The following is from the March 12, 2007, edition of The Dallas Morning News.
By CHRISTY HOPPE
The Dallas Morning News
AUSTIN – In two short months, Gov. Rick Perry has gone from proposing that the state sell the lottery to cure cancer and expand health insurance to defending his right to even issue an executive order.
He is the incredible shrinking governor.
Many blame it on what they see as an overreaching edict that schoolgirls receive the human papillomavirus vaccine, an order that surprised lawmakers and angered some of their constituents. But the backlash Mr. Perry faces in the Legislature has been building for years over his push for toll roads and coal-fired power plants. The blast of the mushrooming sex-abuse scandal at the Texas Youth Commission hasn't helped.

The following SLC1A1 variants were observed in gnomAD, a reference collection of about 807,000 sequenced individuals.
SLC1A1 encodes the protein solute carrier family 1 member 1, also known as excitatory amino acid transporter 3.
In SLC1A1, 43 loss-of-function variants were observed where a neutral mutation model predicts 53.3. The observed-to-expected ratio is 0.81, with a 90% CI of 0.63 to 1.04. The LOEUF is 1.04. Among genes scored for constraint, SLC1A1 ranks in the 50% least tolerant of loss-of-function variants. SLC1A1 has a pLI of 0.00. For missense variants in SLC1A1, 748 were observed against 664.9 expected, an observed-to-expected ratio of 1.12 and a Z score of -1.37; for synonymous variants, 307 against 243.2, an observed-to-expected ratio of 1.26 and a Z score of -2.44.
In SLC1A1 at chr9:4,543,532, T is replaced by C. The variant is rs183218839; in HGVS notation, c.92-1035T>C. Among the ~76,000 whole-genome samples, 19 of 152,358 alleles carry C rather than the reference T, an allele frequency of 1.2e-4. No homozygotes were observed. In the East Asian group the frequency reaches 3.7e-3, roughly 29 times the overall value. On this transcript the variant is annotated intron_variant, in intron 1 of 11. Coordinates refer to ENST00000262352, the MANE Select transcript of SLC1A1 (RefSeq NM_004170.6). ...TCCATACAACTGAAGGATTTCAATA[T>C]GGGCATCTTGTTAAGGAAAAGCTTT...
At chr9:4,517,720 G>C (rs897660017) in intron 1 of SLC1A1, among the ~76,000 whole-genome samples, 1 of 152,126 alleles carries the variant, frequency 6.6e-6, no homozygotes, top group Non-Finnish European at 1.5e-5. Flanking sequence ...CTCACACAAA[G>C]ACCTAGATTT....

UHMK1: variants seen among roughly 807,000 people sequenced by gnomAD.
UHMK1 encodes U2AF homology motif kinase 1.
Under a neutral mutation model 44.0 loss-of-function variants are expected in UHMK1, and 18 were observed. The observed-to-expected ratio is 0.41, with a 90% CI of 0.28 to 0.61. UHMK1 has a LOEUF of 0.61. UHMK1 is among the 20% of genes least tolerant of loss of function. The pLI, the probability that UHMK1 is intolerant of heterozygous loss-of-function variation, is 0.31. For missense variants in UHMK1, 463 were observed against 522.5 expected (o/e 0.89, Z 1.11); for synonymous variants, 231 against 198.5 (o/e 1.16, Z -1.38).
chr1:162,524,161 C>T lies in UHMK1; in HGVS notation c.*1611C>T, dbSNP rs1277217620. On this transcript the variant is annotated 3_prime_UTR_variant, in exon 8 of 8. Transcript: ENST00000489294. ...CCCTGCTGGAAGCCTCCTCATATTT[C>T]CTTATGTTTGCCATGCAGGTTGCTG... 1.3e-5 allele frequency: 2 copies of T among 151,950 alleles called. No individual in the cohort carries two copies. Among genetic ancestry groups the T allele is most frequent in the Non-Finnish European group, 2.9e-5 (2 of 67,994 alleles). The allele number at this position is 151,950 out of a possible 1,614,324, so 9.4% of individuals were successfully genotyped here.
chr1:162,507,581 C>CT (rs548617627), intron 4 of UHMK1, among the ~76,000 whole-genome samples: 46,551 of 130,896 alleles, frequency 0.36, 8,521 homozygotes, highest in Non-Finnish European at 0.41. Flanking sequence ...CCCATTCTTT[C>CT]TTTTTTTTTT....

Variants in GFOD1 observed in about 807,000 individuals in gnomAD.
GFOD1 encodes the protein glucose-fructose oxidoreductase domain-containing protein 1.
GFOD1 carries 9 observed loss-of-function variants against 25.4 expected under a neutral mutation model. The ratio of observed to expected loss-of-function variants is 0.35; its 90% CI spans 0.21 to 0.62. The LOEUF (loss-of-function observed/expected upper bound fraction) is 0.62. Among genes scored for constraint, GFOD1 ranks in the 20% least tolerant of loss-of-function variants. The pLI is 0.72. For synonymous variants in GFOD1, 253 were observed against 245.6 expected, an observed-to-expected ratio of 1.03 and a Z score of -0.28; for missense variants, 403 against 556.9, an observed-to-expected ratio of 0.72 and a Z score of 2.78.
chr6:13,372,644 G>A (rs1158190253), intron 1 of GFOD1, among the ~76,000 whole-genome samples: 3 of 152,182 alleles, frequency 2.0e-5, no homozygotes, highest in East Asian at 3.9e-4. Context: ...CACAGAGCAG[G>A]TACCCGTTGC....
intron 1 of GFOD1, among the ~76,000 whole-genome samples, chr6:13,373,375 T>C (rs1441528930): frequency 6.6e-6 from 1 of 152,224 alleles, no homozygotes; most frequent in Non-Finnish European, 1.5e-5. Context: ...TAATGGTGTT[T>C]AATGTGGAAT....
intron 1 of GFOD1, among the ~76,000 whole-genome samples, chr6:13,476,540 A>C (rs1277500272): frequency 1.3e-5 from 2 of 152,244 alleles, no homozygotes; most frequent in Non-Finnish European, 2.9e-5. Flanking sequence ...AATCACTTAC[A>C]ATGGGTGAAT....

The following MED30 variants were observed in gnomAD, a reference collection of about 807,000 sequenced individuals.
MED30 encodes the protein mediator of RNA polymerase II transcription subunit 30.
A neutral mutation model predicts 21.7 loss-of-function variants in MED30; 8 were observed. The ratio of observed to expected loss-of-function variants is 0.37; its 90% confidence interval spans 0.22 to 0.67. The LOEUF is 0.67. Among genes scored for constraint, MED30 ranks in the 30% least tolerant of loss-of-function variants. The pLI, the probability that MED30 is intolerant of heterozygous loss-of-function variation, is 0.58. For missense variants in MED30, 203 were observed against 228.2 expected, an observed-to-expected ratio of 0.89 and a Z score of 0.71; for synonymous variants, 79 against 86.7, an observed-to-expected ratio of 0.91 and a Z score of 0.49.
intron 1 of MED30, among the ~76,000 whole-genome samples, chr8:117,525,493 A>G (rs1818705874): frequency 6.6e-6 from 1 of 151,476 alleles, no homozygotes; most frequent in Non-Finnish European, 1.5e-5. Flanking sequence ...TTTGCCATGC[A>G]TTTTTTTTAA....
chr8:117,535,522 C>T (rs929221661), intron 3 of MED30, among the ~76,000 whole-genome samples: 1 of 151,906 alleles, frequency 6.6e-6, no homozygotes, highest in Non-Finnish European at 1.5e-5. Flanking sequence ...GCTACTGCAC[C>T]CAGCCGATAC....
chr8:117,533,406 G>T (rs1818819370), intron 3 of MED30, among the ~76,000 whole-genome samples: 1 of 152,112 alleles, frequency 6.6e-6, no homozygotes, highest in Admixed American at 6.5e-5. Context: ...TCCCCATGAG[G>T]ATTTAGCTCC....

"When you've been called governor for five or six years, you tend to forget that the office is mostly ceremonial and advisory," said Southern Methodist University political science professor Cal Jillson.
"You're the governor of the state of Texas, your chest swells and if disaster strikes, you get in the helicopter, cameras come and you feel reasonably authoritative. Then the Legislature comes back into town, and it's a different story," Dr. Jillson said.
# # #